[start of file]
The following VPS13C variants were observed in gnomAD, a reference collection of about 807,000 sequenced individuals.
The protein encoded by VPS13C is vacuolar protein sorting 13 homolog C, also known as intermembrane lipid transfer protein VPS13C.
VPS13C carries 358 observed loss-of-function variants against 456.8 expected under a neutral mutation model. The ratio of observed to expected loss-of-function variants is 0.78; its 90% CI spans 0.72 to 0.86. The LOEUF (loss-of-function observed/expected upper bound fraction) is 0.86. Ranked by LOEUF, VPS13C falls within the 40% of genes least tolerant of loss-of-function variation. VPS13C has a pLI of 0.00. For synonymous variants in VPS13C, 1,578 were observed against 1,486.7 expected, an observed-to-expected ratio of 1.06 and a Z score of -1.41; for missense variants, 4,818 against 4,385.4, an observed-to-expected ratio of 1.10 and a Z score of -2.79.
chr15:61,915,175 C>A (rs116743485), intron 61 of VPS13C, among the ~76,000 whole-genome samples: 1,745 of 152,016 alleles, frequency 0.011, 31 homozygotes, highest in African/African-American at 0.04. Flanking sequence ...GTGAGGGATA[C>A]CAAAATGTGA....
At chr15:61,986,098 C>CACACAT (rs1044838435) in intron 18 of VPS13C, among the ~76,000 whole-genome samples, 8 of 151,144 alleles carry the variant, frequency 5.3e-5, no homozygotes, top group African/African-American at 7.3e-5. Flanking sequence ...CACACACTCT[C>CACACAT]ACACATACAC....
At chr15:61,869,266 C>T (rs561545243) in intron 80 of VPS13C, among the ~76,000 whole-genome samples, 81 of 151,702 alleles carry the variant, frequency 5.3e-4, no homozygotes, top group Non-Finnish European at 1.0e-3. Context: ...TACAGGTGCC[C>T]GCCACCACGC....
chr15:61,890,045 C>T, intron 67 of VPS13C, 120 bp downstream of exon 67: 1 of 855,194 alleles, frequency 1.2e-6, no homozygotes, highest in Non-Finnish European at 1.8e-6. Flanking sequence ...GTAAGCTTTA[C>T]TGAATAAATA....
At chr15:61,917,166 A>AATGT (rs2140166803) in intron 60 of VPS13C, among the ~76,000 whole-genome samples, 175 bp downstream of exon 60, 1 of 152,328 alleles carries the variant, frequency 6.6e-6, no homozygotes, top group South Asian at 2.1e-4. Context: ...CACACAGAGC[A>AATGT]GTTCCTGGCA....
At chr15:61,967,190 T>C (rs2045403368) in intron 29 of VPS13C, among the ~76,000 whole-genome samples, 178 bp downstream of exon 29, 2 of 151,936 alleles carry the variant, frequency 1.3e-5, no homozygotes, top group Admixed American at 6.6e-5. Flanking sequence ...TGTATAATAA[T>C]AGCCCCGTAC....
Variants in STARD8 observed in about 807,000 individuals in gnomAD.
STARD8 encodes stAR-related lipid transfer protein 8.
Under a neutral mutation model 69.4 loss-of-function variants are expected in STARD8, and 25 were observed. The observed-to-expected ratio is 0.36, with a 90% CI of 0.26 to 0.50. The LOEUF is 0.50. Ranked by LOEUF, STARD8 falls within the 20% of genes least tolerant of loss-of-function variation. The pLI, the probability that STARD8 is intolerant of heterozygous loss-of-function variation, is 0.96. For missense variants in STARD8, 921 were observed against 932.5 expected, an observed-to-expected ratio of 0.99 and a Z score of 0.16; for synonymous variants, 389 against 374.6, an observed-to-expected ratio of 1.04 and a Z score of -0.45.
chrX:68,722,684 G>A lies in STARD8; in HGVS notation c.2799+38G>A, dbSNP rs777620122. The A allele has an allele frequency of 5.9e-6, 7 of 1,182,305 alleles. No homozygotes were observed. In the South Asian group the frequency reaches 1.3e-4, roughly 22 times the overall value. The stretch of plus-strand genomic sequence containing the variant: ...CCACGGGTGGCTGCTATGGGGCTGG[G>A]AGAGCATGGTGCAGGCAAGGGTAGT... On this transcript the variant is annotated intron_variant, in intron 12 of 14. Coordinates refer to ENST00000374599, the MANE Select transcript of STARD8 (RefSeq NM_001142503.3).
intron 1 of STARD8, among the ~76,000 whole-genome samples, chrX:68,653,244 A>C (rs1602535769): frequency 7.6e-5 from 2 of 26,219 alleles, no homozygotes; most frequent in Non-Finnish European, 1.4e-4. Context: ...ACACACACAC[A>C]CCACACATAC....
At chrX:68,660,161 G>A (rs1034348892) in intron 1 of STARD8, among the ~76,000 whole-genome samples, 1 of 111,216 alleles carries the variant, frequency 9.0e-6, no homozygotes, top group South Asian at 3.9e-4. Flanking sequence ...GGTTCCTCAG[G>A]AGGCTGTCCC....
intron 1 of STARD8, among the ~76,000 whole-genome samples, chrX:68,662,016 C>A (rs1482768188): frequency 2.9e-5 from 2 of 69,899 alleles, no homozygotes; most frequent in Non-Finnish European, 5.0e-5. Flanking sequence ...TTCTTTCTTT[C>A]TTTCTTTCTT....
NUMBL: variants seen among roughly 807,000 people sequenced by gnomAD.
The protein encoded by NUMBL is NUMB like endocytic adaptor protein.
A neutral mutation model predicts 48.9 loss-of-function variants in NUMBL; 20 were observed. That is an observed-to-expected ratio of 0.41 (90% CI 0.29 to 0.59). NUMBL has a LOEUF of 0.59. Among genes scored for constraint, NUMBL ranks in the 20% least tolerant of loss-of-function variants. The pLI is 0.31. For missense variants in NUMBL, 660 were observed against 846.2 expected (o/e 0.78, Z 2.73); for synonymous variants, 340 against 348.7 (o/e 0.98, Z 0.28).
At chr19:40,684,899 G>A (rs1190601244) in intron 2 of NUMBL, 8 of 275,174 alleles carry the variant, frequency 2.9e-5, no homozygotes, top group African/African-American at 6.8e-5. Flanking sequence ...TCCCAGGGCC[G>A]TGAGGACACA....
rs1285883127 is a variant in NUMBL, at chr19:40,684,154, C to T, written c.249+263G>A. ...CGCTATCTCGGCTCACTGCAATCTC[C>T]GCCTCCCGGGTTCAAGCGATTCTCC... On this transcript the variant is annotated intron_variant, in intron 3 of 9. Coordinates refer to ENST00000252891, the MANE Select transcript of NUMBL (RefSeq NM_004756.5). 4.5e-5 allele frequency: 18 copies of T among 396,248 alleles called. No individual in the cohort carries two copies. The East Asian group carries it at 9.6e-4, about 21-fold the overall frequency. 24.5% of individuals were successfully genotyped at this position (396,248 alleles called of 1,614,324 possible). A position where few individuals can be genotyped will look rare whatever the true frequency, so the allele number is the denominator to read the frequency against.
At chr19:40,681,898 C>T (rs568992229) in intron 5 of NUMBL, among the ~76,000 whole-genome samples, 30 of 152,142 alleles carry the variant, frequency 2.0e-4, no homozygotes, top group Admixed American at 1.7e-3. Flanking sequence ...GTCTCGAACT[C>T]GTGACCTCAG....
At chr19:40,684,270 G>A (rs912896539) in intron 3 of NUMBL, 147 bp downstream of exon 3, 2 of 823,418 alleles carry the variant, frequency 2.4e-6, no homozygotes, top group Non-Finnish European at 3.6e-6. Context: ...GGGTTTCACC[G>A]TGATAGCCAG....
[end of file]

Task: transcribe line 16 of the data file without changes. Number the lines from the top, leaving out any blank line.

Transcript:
intron 1 of STARD8, among the ~76,000 whole-genome samples, chrX:68,662,016 C>A (rs1482768188): frequency 2.9e-5 from 2 of 69,899 alleles, no homozygotes; most frequent in Non-Finnish European, 5.0e-5. Flanking sequence ...TTCTTTCTTT[C>A]TTTCTTTCTT....